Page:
Legislature marks the Juneteenth with the revival of the “Abolition Change”



As the nation made Juniteenth a federal holiday this week to honor the end of black slavery, lawmakers revived calls to fill a loophole in the Constitution that makes it another form of slavery – forced labor for those who are because of some Crimes were convicted – flourished.

Oregon’s Senator Jeff Merkley and Georgia Rep. Nikema Williams – both Democrats – reintroduced a law on Thursday to revise the 13th Amendment that bans enslavement or involuntary servitude other than as a form of criminal punishment. This exception, recognized since 1865, has led to the common practice of forced labor in prisons.

Social justice advocates say it has created generations of black families affected by mass incarceration and poverty, and the effects can still be felt today. Juneteenth seemed the right time to address this “huge slice of systemic racism amid our Constitution,” Merkley told The Associated Press.

“The moment we, if you will, celebrate the 13th Amendment and the end of slavery and its eventual announcement … we should at the same time acknowledge that the 13th Amendment was flawed,” Merkley said. “It enabled states to arrest people for any reason, convict them, and return them to slavery.”

The loophole in the amendment to criminal punishment encouraged the post-civil war former Confederate States to find ways to maintain the dynamic of slavery. They used restrictive measures known as “black codes,” laws aimed at black people in order to achieve benign interactions, from speaking loudly to ignoring them on the sidewalk. Those who were attacked would be detained for these minor acts and would practically be re-enslaved.

The so-called “Abolition Amendment” was introduced as a joint resolution in December. Mostly supported by Democrats in both the House and Senate, it failed to gain momentum before the end of the session. According to Merkley, the hope this time is to spark a national movement.

The subject is important to Williams, a black woman who grew up in the south. She hopes this legislation will not be viewed through the prism of money and the meaning of losing prison jobs. Instead, she says, the history of the prison system and its relationship with the People of Color must be viewed in a “human-centered” manner.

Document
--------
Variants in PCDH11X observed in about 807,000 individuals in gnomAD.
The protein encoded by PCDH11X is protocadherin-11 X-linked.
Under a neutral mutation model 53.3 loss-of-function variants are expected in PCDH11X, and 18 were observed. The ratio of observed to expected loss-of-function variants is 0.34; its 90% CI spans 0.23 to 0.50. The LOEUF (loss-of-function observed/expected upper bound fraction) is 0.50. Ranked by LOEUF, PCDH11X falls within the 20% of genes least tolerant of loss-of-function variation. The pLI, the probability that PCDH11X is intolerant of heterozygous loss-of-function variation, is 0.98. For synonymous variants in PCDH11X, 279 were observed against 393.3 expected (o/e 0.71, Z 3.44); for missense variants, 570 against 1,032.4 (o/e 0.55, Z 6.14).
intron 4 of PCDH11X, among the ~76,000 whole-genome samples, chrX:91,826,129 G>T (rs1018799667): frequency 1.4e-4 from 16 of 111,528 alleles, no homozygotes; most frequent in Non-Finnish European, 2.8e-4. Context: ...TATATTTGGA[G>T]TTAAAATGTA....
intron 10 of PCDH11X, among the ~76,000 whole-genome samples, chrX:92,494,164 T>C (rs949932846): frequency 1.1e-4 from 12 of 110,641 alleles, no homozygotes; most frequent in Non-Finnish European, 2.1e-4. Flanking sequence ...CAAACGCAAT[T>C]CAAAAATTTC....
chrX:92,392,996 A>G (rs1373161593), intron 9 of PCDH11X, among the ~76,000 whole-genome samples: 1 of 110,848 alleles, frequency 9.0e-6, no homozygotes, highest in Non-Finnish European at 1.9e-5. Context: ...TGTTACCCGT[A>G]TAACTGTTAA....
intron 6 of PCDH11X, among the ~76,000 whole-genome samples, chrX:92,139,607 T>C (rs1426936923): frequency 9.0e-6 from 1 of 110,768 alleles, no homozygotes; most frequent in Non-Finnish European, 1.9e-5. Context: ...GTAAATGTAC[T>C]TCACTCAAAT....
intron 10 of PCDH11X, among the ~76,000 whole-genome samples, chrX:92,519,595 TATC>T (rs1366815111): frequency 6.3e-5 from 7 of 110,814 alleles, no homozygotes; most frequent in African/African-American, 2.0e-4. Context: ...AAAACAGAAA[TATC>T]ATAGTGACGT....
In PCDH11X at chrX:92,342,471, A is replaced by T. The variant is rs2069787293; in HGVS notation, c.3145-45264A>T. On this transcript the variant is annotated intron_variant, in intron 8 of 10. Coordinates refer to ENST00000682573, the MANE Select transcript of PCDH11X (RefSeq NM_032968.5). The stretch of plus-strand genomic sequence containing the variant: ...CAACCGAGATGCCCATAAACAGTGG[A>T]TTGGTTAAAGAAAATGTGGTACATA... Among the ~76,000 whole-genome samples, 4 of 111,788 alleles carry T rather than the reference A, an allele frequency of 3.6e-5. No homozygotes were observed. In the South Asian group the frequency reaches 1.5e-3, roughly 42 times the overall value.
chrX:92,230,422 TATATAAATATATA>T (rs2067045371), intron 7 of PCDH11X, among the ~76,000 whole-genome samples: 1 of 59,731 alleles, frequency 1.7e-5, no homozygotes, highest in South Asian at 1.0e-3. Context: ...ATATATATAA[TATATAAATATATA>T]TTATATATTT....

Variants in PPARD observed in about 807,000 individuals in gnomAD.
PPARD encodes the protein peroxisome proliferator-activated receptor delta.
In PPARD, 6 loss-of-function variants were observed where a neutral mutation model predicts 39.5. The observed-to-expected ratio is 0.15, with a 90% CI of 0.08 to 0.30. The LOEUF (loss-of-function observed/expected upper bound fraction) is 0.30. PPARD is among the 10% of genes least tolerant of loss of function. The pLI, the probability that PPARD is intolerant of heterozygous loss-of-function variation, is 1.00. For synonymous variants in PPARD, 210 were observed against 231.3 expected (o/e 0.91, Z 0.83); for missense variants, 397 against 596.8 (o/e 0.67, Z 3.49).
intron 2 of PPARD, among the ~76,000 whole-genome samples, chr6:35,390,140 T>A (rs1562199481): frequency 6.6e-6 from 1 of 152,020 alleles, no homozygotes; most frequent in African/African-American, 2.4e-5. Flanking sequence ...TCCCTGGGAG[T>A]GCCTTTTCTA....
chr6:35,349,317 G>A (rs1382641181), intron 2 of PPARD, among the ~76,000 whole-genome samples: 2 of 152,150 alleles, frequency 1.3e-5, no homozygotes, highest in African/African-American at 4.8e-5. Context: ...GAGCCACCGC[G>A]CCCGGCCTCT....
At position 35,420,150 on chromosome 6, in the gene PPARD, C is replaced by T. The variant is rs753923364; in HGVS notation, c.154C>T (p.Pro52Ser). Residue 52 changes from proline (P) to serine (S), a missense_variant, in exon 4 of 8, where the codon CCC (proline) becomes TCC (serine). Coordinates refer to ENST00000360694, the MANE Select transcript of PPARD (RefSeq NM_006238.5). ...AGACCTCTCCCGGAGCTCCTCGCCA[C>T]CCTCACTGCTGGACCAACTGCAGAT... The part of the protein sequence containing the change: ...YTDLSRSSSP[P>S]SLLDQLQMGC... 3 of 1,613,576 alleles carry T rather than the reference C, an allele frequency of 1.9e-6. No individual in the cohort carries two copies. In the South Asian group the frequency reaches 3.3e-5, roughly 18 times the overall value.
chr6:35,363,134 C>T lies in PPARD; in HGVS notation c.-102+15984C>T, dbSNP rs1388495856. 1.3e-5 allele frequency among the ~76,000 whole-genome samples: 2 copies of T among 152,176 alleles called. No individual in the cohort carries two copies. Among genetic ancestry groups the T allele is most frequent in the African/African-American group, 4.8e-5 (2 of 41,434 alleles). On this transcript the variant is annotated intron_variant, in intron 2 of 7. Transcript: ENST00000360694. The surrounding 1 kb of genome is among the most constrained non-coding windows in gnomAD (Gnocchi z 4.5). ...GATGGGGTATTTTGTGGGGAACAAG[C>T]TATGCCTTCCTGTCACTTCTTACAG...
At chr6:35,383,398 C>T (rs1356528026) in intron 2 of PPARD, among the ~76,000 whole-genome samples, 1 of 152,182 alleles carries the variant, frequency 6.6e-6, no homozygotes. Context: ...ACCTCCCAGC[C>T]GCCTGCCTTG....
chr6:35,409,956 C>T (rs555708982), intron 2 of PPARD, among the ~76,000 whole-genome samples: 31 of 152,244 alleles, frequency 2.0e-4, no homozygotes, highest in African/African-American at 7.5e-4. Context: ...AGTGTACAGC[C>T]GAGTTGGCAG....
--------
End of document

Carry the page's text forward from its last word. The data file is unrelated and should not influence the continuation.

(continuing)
“Our people were already in chains and enslaved for money,” Williams said. “We need to make sure that we are really moving forward and not using money as a crutch about why we continue to perpetuate the sins of our nation’s creation and our nation’s history.”

One group that has long been part of the movement is Worth Rises, a criminal justice advocacy group that helps get the law up and running. The clause of the change is having a significant impact today, said Bianca Tylek, executive director of Worth Rises. Imprisoned workers make no more than a dime a dime on their contributions, she says, and they have no recourse if they are injured at work or have to work sick.

“We’re talking about people who can be beaten for not working. People can be denied calls and visits [or] Contact with her family, ”said Tylek. “People can be put into solitary confinement. People can take hits on their long-term recordings. “

Jorge Renaud, LatinoJustice’s national criminal justice director and a probation officer, said those sentences happened to him when he was unable to do some jobs. He spent much of his 27 years in Texas state prisons doing hard jobs like picking cotton, cutting trees, and leveling roads. Texas does not pay incarcerated workers.